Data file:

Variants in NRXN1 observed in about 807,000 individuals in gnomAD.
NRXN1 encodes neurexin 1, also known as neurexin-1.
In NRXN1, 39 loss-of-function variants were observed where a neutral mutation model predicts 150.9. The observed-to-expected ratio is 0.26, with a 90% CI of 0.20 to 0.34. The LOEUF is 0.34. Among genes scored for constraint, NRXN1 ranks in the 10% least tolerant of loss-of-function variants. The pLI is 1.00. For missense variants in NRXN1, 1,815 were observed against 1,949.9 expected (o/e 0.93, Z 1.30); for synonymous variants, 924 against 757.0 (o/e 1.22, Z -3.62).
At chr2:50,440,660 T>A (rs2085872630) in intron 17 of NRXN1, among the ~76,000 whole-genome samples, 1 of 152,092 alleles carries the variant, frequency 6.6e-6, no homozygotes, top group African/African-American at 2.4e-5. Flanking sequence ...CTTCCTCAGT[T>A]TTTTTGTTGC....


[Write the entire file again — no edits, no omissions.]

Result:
Variants in NRXN1 observed in about 807,000 individuals in gnomAD.
NRXN1 encodes neurexin 1, also known as neurexin-1.
In NRXN1, 39 loss-of-function variants were observed where a neutral mutation model predicts 150.9. The observed-to-expected ratio is 0.26, with a 90% CI of 0.20 to 0.34. The LOEUF is 0.34. Among genes scored for constraint, NRXN1 ranks in the 10% least tolerant of loss-of-function variants. The pLI is 1.00. For missense variants in NRXN1, 1,815 were observed against 1,949.9 expected (o/e 0.93, Z 1.30); for synonymous variants, 924 against 757.0 (o/e 1.22, Z -3.62).
At chr2:50,440,660 T>A (rs2085872630) in intron 17 of NRXN1, among the ~76,000 whole-genome samples, 1 of 152,092 alleles carries the variant, frequency 6.6e-6, no homozygotes, top group African/African-American at 2.4e-5. Flanking sequence ...CTTCCTCAGT[T>A]TTTTTGTTGC....